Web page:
Please consider donating to Behind the Black, by giving either a one-time contribution or a regular subscription, as outlined in the tip jar to the right. Your support will allow me to continue covering science and culture as I have for the past twenty years, independent and free from any outside influence.
The investigation into the launch failure of the Antares rocket one week ago is now focusing on the turbopump in one of the rocket’s first stage engines.
“The Investigation Board (AIB) is making good progress in determining the primary cause of last week’s failure. A preliminary review of telemetry and video data has been conducted and substantial debris from the Antares rocket and its Cygnus payload has been collected and examined,” noted Orbital on Wednesday. “While the work of the AIB continues, preliminary evidence and analysis conducted to date points to a probable turbopump-related failure in one of the two Aerojet Rocketdyne AJ26 stage one main engines. As a result, the use of these engines for the Antares vehicle likely will be discontinued.”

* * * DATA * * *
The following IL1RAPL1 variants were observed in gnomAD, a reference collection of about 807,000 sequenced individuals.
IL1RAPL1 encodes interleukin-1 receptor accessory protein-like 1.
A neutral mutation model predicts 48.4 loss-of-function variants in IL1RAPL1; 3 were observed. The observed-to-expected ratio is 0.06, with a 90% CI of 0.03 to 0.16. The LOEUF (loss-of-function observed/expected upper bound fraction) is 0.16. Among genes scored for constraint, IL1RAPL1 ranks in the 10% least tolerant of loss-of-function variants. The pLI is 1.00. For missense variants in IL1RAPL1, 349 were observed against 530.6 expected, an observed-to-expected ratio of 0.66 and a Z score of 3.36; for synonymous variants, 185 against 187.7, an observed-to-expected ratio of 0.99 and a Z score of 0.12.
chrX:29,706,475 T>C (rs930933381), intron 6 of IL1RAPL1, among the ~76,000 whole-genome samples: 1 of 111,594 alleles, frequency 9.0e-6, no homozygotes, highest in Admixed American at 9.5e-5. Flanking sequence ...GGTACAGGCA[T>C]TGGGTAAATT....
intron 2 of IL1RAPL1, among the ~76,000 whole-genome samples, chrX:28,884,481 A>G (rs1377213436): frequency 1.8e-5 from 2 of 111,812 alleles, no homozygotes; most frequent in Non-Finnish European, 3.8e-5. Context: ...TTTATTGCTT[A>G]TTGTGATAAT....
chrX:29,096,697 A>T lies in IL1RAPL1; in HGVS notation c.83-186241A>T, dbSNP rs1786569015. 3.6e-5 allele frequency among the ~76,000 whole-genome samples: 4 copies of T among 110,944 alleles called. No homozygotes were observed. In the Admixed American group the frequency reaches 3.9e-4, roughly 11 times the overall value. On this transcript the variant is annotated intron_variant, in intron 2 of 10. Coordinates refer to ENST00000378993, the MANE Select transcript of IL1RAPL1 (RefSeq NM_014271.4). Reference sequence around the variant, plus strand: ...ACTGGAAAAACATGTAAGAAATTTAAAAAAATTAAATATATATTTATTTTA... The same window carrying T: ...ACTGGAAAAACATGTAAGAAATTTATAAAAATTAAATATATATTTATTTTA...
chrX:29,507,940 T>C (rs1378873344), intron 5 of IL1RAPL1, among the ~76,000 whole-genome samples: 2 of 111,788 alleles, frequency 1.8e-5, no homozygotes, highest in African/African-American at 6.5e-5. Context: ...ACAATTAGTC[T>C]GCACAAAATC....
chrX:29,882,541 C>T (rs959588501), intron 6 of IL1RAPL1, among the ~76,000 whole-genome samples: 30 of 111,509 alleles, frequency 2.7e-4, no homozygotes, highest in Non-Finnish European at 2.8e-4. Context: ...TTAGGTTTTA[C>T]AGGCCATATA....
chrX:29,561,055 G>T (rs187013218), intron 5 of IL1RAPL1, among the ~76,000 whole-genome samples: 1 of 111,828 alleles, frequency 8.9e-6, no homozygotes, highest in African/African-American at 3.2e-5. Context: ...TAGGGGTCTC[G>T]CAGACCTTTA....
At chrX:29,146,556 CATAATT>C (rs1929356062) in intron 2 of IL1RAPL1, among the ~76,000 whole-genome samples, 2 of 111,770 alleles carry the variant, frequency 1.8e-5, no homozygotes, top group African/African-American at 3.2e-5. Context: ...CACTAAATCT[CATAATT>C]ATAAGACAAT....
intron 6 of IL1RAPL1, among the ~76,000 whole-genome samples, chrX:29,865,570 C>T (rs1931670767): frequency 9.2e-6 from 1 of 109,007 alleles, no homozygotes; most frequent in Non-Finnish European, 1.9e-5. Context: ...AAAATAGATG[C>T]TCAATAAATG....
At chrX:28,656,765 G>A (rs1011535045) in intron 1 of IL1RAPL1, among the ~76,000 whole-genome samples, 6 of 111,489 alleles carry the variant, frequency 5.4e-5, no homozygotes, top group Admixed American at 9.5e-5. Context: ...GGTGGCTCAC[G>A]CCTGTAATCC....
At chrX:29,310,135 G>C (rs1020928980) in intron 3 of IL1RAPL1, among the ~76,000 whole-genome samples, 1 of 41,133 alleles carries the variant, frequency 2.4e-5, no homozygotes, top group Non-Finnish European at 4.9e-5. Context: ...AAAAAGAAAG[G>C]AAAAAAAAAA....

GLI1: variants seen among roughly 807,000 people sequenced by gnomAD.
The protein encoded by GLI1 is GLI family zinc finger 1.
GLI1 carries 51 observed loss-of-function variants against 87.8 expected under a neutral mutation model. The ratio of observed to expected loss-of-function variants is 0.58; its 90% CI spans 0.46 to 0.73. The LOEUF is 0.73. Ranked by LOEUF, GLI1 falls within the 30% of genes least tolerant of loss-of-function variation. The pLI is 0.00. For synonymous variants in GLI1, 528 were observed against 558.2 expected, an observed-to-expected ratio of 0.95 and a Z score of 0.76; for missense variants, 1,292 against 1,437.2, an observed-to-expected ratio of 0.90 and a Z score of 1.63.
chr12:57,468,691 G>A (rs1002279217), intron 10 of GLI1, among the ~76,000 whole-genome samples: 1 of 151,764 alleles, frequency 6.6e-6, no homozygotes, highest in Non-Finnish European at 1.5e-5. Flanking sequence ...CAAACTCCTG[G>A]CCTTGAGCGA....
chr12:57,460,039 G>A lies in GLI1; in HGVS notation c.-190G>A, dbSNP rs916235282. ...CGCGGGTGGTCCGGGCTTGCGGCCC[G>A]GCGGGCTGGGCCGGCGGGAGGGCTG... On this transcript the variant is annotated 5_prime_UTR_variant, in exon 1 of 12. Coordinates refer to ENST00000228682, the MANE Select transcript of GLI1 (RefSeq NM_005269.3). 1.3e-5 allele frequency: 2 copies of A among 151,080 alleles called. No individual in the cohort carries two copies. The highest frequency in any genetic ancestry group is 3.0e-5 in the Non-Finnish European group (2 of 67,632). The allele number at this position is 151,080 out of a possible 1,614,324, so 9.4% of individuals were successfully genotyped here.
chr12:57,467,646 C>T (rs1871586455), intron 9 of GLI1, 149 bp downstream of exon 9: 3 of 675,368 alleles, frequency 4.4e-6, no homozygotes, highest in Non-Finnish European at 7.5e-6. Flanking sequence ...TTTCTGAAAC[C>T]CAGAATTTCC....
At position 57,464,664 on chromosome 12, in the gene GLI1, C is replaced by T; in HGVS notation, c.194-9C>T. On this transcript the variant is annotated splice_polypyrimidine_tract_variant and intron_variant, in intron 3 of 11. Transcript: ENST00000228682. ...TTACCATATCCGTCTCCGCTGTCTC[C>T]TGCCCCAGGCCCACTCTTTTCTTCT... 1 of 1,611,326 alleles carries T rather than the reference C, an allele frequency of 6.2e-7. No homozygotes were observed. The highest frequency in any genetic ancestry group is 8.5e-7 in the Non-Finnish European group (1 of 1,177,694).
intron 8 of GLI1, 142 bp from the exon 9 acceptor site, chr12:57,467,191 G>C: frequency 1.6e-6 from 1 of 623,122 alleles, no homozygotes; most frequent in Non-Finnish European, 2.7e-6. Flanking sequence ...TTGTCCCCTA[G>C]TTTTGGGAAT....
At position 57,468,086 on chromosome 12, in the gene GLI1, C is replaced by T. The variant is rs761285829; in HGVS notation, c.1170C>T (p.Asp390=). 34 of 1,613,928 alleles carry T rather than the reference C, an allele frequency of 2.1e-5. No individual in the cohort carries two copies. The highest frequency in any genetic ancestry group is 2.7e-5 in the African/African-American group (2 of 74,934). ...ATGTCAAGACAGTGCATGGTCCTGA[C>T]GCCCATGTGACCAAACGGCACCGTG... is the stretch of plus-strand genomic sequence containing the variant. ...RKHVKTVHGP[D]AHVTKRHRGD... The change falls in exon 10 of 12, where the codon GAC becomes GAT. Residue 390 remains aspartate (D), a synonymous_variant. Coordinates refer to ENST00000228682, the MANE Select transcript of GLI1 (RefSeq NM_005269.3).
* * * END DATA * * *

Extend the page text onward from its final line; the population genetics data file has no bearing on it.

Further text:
It was later noted that the AJ-26 could still be used if they were proven to be completely flight-worthy.
If Orbital Sciences decides to completely cease using the Russian engines, it could mean a very significant delay before they can launch again, maybe several years. If they do that, I expect them to face contract penalties from NASA for the failure to deliver cargo to ISS on a reasonable schedule. It will also mean that their chances of winning a second contract will go down significantly.
They need to replace the engine, but they also need to keep launching. The article as well as a company press release today describes how they are exploring other launch vehicles, including the Falcon 9, to launch Cygnus, but I see no reason for them to completely abandon the Russian engines immediately. What they need to do is find what failed, fix it in the remaining engines, and keep flying while they scramble hard to replace the engine entirely.